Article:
Wells Fargo Insurance Scandal Draws New York SubpoenasBy and
Department of Financial Services says it subpoenaed bank units
New York’s attorney general is also said to inquire over issue
Two New York regulators sent subpoenas related to practices in the auto lending unit of Wells Fargo & Co., the bank struggling with multiple consumer scandals.
The New York Department of Financial Services sent subpoenas to a pair of Wells Fargo units, according to an email Wednesday from the agency. Attorney General Eric Schneiderman also has issued subpoenas to bank consultant Oliver Wyman relating to the unnecessary sales of collateral protection insurance, according to a person briefed on the matter, who asked not to be identified because the information wasn’t public.
The San Francisco-based bank last week said it may have pushed thousands of car buyers into loan defaults and repossessions by charging them for unwanted insurance. The bank said an internal review of its auto lending found more than 500,000 clients may have unwittingly paid for protection against vehicle loss or damage while making monthly loan payments, even though many drivers already had their own policies. The firm said it may pay as much as $80 million to clients with policies placed between 2012 and 2017 -- with extra money for as many as 20,000 who lost cars, “as an expression of our regret.”
Customers have already started suing for damages. One suit filed in San Francisco federal court accuses the bank of bilking millions of dollars from “unsuspecting customers who were forced to pay for auto insurance they did not need or want.’’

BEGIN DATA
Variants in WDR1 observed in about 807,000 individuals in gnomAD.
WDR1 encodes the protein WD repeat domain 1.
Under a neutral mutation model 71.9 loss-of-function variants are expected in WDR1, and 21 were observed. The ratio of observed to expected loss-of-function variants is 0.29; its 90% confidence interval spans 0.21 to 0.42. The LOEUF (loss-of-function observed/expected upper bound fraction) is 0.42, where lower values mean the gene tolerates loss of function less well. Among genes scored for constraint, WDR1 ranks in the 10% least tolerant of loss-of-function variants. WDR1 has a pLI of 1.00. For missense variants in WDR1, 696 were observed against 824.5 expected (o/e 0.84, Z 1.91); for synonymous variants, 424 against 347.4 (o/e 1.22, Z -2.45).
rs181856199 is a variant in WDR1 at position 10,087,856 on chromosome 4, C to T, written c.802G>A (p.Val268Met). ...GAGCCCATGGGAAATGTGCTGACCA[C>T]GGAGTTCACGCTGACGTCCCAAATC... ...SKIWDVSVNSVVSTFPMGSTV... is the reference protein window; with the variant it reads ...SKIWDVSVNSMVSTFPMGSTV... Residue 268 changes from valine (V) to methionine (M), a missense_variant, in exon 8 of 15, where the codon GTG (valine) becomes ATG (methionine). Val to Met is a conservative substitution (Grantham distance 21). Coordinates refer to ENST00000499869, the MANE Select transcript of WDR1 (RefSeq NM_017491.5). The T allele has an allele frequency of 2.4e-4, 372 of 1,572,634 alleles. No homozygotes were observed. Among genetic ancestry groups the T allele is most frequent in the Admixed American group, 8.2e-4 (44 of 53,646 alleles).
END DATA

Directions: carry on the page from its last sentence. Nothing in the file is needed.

Catherine Pulley, a Wells Fargo spokeswoman, declined to comment. Francine Minadeo, a representative of Oliver Wyman, didn’t immediately respond to an email and a voice-mail message left after normal business hours.
Wells Fargo’s head of consumer lending, Franklin Codel, said in an interview last week that the bank began reviewing the insurance issue about a year ago after hearing from clients. The bank commissioned Oliver Wyman to issue a report on its auto lending practices. The firm finished the report in February, a person with knowledge of the matter said last week.
“Upon our discovery, we acted swiftly to discontinue the program and immediately develop a plan to make impacted customers whole,” Codel said in the interview.
The Department of Financial Services also sent a letter requesting information from National General Insurance Co., the firm that provided the collateral protection insurance coverage for Wells Fargo. Christine Worley, director of investor relations at National General, didn’t immediately respond to a request seeking comment.
(An earlier version of this story corrected the issuers and recipients of the subpoenas.)
— With assistance by Katherine Chiglinsky